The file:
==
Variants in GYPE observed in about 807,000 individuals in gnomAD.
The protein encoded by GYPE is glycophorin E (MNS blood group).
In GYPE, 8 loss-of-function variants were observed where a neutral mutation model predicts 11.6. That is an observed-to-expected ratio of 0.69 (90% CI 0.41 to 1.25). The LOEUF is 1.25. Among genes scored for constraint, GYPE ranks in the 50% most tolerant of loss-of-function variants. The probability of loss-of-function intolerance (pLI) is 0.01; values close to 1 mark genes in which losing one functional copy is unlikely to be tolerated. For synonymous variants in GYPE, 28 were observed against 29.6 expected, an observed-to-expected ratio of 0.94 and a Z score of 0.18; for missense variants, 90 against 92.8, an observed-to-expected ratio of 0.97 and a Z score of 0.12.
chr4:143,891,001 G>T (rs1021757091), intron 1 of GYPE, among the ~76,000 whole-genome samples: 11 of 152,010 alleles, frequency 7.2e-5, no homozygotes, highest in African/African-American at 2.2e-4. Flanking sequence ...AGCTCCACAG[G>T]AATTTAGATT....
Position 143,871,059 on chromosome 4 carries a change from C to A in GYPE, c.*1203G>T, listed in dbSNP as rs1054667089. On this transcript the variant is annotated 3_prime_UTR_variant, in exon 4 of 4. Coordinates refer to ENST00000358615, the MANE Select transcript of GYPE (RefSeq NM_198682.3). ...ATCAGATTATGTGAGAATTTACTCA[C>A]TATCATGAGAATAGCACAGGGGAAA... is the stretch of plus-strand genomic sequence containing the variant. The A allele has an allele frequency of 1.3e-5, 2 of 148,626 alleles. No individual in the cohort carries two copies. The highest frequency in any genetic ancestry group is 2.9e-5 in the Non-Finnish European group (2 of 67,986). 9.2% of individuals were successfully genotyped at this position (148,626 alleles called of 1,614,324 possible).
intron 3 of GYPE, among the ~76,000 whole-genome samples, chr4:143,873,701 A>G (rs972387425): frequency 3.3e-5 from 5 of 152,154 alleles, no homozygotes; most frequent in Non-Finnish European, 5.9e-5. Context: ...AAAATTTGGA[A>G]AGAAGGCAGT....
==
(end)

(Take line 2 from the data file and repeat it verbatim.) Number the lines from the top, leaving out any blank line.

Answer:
The protein encoded by GYPE is glycophorin E (MNS blood group).